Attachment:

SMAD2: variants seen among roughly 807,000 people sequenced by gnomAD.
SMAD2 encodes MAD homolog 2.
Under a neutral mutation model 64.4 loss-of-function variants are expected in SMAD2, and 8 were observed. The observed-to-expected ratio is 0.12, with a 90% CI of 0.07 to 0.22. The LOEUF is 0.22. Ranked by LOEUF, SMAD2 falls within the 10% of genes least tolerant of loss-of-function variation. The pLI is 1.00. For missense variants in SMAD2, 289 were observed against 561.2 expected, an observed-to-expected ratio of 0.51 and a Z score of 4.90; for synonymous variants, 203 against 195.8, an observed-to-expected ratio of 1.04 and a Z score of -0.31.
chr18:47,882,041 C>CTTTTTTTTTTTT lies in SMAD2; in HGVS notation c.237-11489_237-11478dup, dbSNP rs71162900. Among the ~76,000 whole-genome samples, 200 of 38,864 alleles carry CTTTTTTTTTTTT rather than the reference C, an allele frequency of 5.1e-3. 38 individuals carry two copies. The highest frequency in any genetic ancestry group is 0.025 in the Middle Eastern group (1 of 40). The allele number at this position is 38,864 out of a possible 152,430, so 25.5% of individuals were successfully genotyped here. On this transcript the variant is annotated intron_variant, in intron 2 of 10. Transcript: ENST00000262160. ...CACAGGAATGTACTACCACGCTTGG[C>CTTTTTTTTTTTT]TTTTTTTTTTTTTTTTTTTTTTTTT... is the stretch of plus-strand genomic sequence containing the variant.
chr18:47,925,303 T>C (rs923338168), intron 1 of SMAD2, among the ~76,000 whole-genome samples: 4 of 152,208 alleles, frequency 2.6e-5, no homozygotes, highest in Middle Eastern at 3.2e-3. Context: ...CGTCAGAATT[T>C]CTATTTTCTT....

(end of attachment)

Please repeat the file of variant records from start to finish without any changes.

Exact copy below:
SMAD2: variants seen among roughly 807,000 people sequenced by gnomAD.
SMAD2 encodes MAD homolog 2.
Under a neutral mutation model 64.4 loss-of-function variants are expected in SMAD2, and 8 were observed. The observed-to-expected ratio is 0.12, with a 90% CI of 0.07 to 0.22. The LOEUF is 0.22. Ranked by LOEUF, SMAD2 falls within the 10% of genes least tolerant of loss-of-function variation. The pLI is 1.00. For missense variants in SMAD2, 289 were observed against 561.2 expected, an observed-to-expected ratio of 0.51 and a Z score of 4.90; for synonymous variants, 203 against 195.8, an observed-to-expected ratio of 1.04 and a Z score of -0.31.
chr18:47,882,041 C>CTTTTTTTTTTTT lies in SMAD2; in HGVS notation c.237-11489_237-11478dup, dbSNP rs71162900. Among the ~76,000 whole-genome samples, 200 of 38,864 alleles carry CTTTTTTTTTTTT rather than the reference C, an allele frequency of 5.1e-3. 38 individuals carry two copies. The highest frequency in any genetic ancestry group is 0.025 in the Middle Eastern group (1 of 40). The allele number at this position is 38,864 out of a possible 152,430, so 25.5% of individuals were successfully genotyped here. On this transcript the variant is annotated intron_variant, in intron 2 of 10. Transcript: ENST00000262160. ...CACAGGAATGTACTACCACGCTTGG[C>CTTTTTTTTTTTT]TTTTTTTTTTTTTTTTTTTTTTTTT... is the stretch of plus-strand genomic sequence containing the variant.
chr18:47,925,303 T>C (rs923338168), intron 1 of SMAD2, among the ~76,000 whole-genome samples: 4 of 152,208 alleles, frequency 2.6e-5, no homozygotes, highest in Middle Eastern at 3.2e-3. Context: ...CGTCAGAATT[T>C]CTATTTTCTT....